We all love ruby, but sometimes ruby is not enough. Whether it be a
performance bottleneck, a killer library written in C or some
platform specific functionality you just have to have, sometimes you
need to drop down a level.
There have been many talks that show how to take the first steps in
writing a ruby C extension. This isn't one of them. I propose
instead to give an overview of different ways of extending ruby and
show what each approach brings to the table. I intend to cover
'classic' C extensions, RubyInline and FFI across a range of ruby
This is an introduction to scalable background processing in Ruby
(and Rails) applications. It discusses best practises on task
management, managing and scaling long running processes in apps
and overviews different solutions from high end of Delayed Job
to more detailed ones like Event Machine.
The talks will finish around 8pm, but that doesn't mean you have to go home. Oh no! Us LRUG folks are a friendly lot, and so we continue the evening over at The Slaughtered Lamb which is a short walk from the Skills Matter office. Do join us there if you can't make the formal talks.
A lot of importance is placed on good GUI design but it’s easy to
overlook good command line interfaces.
Taking from our experiences writing the Brightbox Cloud cli (and years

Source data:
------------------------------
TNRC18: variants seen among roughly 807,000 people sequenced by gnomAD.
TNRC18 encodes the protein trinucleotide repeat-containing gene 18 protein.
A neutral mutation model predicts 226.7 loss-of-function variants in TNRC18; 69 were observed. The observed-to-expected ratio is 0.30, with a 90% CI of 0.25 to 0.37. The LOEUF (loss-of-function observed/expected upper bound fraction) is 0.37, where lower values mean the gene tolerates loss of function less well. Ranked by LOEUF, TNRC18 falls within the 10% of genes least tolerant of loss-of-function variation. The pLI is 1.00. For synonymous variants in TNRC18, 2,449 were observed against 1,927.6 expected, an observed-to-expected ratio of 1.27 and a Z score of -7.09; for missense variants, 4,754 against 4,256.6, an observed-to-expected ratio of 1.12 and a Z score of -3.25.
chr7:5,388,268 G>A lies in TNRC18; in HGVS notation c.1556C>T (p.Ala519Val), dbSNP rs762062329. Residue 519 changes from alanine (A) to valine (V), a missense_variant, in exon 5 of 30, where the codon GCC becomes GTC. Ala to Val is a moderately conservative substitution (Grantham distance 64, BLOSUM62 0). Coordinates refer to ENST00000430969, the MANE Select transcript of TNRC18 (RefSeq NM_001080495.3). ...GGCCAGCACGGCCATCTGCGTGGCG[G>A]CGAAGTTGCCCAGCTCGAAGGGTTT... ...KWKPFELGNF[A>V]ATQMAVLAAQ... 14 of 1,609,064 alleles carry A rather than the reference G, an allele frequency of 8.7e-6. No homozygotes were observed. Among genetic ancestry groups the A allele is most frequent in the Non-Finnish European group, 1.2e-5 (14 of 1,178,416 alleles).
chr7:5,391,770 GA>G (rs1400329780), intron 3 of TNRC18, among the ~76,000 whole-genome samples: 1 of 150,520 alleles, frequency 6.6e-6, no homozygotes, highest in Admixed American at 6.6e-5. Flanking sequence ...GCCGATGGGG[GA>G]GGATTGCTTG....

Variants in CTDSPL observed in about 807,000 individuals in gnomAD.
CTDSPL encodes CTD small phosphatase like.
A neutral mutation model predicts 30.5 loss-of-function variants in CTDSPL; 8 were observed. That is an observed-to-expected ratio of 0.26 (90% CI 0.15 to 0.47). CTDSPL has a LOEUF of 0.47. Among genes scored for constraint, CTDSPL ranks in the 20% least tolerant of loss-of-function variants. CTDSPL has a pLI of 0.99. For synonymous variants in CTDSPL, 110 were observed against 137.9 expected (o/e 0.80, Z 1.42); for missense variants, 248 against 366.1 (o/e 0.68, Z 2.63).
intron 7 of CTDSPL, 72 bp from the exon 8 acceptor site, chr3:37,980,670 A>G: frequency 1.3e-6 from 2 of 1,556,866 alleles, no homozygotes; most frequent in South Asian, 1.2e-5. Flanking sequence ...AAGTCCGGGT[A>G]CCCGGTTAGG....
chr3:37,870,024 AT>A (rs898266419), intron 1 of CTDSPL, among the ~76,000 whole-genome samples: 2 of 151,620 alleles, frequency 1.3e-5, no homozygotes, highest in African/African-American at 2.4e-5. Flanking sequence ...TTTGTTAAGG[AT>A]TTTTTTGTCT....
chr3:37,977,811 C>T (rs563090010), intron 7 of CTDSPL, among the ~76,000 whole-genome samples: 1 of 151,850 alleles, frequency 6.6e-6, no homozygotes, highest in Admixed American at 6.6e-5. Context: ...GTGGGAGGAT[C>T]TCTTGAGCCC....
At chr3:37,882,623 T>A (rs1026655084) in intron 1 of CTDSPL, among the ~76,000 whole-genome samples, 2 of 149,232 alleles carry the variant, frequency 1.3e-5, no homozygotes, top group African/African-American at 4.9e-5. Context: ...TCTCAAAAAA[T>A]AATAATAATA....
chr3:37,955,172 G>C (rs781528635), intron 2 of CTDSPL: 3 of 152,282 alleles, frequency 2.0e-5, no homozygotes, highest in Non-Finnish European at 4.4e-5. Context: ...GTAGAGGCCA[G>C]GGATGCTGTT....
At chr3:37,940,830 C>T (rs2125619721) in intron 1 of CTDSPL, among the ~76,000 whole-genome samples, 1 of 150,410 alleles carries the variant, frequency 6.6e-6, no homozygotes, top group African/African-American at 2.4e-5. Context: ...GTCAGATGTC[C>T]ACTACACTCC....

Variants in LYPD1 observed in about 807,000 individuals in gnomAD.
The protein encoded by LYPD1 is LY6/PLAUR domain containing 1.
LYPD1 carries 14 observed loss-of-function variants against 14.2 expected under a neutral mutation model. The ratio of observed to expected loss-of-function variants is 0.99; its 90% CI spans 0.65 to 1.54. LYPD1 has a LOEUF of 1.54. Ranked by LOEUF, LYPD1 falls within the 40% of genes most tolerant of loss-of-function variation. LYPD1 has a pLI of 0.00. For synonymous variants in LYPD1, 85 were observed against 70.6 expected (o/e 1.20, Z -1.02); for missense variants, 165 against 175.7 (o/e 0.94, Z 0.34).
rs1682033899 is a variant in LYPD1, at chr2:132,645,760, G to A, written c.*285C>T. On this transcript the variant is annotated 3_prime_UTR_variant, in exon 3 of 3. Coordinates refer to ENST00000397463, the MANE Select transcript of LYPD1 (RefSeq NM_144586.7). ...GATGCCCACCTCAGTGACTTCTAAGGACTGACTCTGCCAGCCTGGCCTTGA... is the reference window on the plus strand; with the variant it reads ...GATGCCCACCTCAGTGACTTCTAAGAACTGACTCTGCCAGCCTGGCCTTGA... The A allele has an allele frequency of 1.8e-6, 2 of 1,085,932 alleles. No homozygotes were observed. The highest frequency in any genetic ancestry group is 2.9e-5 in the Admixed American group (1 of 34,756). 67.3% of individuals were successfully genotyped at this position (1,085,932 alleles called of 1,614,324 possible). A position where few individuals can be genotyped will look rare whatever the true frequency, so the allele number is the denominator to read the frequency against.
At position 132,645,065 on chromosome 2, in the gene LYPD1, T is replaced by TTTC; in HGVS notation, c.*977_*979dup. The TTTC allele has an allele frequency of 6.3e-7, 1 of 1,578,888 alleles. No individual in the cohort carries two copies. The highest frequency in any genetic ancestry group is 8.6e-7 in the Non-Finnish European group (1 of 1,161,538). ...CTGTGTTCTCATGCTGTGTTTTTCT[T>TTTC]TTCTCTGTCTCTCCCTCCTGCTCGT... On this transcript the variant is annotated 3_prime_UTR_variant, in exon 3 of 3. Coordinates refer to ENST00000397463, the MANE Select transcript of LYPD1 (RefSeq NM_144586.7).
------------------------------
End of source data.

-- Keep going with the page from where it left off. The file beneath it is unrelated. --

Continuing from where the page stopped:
of using cli tools, both good and bad), this talk will show you some of
things you need to consider when designing a good cli interface (with a
focus on Ruby!).
And all this without turning to ncurses!
DTrace + Ruby
Anuj Dutta has been poking about with DTrace, a performance analysis and troubleshooting tool, and wants to talk to us about it. He describes his talk as "An introduction to DTrace and it's current state in the Ruby world". You should care because hooks for DTrace are being added to ruby as we speak, (although they are targetting Ruby 2.0).
The formal part of the evening is usually done no later than 8pm, but that's not when we go home. We continue the meeting in a more relaxed setting at The Slaughtered Lamb. If you can't make the talks there are usually plenty of rubyists propping up the bar and arguing long into the evening about their preferred hash syntax, so please do come along!